AVUV Sees Strong Inflows While Small-Caps Enter the Bargain Bin | ETF Trends

Record high inflation, a hawkish Federal Reserve, and the war in Ukraine have rightfully caused investor sentiment to be bleak of late. While investors may be hard-pressed to find the bright spot in the current economic environment, one silver lining with bear markets is that they often provide buying opportunities.

It’s difficult to not see that valuations are improving. In particular, small-cap equities are currently in the bargain bin, and some analysts believe that there’s potential for these stocks to rebound.

“While recent price weakness has left large-cap valuation metrics below their recent three-year averages, small- and mid-cap stocks offer an even more compelling value,” wrote Catherine Yoshimoto, director of product management at FTSE Russell. “Relative to large caps, price-to-book ratios for smaller stocks are trading at roughly half of large caps.”

Though it is difficult to foresee when the valuation gap will close, continued earnings strength could be one possible catalyst. According to FTSE Russell’s Yoshimoto, analysts expect small-cap companies to deliver better earnings than large-caps in the next year.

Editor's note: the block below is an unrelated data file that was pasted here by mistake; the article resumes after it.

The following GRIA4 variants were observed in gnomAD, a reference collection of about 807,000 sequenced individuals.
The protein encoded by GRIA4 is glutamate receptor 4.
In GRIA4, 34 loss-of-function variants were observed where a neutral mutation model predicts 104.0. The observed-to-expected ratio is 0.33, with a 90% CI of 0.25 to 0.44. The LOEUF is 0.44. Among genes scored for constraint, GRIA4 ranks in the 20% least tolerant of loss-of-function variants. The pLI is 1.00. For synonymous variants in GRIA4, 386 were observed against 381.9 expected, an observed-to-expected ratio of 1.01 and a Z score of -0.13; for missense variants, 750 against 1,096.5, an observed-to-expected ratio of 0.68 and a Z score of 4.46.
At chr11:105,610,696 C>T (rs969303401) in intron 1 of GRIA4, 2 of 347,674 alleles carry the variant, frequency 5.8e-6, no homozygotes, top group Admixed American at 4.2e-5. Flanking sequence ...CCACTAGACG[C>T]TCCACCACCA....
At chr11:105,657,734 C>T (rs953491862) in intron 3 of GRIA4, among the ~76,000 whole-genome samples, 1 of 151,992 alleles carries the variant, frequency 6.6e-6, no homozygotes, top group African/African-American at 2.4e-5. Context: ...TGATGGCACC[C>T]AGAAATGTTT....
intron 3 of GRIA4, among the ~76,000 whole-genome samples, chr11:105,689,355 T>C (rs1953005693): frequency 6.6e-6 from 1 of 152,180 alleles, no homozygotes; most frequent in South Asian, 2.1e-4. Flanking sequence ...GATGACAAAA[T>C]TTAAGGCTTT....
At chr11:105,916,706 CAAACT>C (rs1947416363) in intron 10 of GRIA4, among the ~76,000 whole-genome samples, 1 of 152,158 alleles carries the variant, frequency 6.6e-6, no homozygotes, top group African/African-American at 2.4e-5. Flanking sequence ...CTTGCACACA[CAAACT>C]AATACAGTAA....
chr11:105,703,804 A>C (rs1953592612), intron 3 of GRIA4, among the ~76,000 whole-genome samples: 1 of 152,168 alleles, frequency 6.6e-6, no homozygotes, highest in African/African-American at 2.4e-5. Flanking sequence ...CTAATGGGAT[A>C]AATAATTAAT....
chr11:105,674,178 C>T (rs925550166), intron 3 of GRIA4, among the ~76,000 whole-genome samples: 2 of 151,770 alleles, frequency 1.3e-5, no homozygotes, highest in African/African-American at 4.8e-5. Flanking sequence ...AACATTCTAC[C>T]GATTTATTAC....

The Avantis U.S. Small Cap Value ETF (AVUV) has brought in nearly $2 billion in investor capital year-to-date, which is not only more than any Avantis or American Century fund but more than any ETF in VettaFi’s small-cap value category.

AVUV is an actively managed ETF that seeks long-term capital appreciation by investing primarily in U.S. small-cap companies. It is designed to increase expected returns by focusing on firms trading at what are believed to be low valuations with higher profitability ratios.

AVUV also pursues the benefits associated with indexing (diversification, low turnover, transparency of exposures), but with the ability to add value by making investment decisions using the information in current prices.

While it doesn’t seek to replicate the performance of a specified index — it is actively managed, after all — AVUV does use the Russell 2000 Value Index as a benchmark. The fund has outperformed the index by 920 basis points year-to-date.

“Value securities had been more attractively valued, tend to offer higher dividend yields (which helps contribute to their shorter duration profile than growth stocks where most of the return is due to price appreciation), and have recently experienced stronger momentum versus growth,” said Sandra Testani, vice president of ETF product and strategy for American Century Investments.

AVUV carries an expense ratio of 0.25%.

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